Note the presentation by David Lynch. Lynch actually had nothing whatsoever to do with the film, but allowed his name to be used for promotion.

The famous myth about the 1994 documentary Crumb is that director Terry Zwigoff only got Robert Crumb to agree to make it because Zwigoff threatened to kill himself if Crumb didn’t participate. This was a legendary miscommunication that stemmed from a comment made by Zwigoff describing the intense nine years of production. During that time, Zwigoff was living off of “about $200 a month and living with back pain so intense that I spent three years with a loaded gun on the pillow next to my bed, trying to get up the nerve to kill myself.” It’s from this statement that Roger Ebert clarified the film may have saved Zwigoff’s life, meaning that his obsession with completing the film might’ve tempered his suicidal impulses.

Although Zwigoff and Crumb actually were very good friends at the time the film as made (they still are and once even played in a 1920s-style string band together), it istrue that Crumb was hesitant to make the film, and it’s easy to see why. While Crumb has always portrayed himself as a sort of deviant/pervert/degenerate, he is most definitely the most normal one in his family. The Crumb boys grew up with a pill-addicted mother and a violent alcoholic father. Crumb also features Robert Crumb’s brothers, Maxon and Charles and both come off like victims of parental-inflicted PTSD.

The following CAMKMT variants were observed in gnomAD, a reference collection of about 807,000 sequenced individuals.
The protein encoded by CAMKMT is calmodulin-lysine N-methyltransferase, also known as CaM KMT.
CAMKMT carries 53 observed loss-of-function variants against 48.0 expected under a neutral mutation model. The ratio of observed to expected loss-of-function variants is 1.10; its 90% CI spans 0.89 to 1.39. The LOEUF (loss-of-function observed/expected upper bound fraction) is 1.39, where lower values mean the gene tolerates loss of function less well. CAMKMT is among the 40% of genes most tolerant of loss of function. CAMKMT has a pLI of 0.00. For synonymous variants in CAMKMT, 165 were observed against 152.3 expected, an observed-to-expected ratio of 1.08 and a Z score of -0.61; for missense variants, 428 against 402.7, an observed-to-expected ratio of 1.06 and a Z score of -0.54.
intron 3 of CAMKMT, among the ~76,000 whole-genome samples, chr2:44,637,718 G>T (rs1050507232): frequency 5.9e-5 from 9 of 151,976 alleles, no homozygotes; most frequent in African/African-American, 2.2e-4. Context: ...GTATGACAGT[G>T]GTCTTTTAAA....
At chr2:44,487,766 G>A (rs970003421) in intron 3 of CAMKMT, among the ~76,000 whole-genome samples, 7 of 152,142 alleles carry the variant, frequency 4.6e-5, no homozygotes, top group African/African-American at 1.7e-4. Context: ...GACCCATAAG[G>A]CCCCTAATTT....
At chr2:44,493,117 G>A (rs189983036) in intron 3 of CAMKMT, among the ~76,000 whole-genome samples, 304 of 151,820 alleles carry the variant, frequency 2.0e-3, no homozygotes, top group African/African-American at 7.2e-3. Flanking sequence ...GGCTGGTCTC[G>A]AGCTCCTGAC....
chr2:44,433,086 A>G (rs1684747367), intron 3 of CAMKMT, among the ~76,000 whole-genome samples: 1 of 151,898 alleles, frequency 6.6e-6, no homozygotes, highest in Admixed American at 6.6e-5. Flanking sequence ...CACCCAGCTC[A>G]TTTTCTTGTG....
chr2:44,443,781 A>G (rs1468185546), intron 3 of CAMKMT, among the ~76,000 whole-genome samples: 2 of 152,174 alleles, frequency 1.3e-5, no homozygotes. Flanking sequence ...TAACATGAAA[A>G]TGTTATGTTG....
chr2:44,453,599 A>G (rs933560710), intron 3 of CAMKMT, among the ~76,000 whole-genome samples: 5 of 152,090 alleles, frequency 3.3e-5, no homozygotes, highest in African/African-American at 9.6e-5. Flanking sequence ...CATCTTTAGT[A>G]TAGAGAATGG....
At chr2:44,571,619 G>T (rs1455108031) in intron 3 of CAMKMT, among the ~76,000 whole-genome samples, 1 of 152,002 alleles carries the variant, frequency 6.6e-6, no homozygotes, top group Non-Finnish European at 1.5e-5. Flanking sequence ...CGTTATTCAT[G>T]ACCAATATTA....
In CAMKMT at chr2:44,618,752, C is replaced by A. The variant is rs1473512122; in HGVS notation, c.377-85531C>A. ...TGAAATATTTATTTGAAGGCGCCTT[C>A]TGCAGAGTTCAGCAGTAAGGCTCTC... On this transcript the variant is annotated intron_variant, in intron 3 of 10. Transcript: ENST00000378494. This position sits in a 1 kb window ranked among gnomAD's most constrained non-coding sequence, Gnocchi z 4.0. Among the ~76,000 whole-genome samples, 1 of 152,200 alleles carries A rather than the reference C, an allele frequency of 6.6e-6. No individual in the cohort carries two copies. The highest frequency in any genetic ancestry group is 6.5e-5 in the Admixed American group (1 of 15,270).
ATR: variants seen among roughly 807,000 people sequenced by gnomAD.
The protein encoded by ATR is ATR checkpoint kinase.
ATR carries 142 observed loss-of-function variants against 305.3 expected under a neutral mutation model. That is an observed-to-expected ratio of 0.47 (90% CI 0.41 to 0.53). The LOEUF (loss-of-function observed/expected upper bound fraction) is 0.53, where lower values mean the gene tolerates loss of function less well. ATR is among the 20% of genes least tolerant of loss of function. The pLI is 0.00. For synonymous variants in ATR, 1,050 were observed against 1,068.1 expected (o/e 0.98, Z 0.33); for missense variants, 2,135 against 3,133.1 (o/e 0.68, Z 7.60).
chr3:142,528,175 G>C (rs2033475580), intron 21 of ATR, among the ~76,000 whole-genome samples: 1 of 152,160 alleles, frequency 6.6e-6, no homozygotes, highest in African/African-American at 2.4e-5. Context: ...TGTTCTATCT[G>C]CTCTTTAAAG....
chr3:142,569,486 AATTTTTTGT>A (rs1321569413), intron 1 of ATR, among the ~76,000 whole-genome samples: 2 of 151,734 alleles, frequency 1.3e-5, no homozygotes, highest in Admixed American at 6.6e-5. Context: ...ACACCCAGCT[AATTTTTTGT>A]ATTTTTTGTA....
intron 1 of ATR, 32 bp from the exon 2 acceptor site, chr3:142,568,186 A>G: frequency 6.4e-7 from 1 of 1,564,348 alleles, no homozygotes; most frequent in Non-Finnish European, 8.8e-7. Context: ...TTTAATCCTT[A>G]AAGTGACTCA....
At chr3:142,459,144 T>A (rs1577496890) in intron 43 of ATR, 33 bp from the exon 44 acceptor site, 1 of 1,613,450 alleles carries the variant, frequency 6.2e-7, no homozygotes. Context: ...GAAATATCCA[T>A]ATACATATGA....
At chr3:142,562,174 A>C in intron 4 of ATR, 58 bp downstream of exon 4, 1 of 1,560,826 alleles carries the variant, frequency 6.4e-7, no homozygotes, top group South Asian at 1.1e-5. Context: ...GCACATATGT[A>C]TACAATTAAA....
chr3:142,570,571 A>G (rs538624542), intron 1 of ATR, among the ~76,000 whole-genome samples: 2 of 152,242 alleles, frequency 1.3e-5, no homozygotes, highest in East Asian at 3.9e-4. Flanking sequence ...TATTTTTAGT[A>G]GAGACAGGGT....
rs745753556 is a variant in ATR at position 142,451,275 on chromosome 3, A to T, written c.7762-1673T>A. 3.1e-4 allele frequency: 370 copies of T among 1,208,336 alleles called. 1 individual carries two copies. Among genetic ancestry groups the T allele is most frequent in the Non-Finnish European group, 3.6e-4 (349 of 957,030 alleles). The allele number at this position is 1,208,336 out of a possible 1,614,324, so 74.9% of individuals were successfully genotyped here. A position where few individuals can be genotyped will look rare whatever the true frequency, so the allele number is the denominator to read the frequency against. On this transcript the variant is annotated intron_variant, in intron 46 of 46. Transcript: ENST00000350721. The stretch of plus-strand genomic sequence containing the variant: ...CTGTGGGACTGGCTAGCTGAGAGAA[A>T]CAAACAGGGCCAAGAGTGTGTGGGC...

Charles—a brilliant artist in his own right and R. Crumb’s childhood artistic collaborator—identified as a pedophile, and though he never acted on his urges, he refused to leave his mother’s house. He committed suicide by overdose in 1993. Maxon Crumb is more functional, and a talented painter (as per the family genre, he portrays incredibly disturbing sexual subjects like incest and abuse). Despite his own sexual obsessions, Maxon remains celibate, as he believes sex causes him seizures, although he admits to molesting women and girls.

In spite of all this, it’s an incredibly moving portrait of an artist—and there is grateful sense of relief at the film’s end, when R. Crumb and his family leave behind Maxon, Charles and their mother for France.

Via Network Awesome


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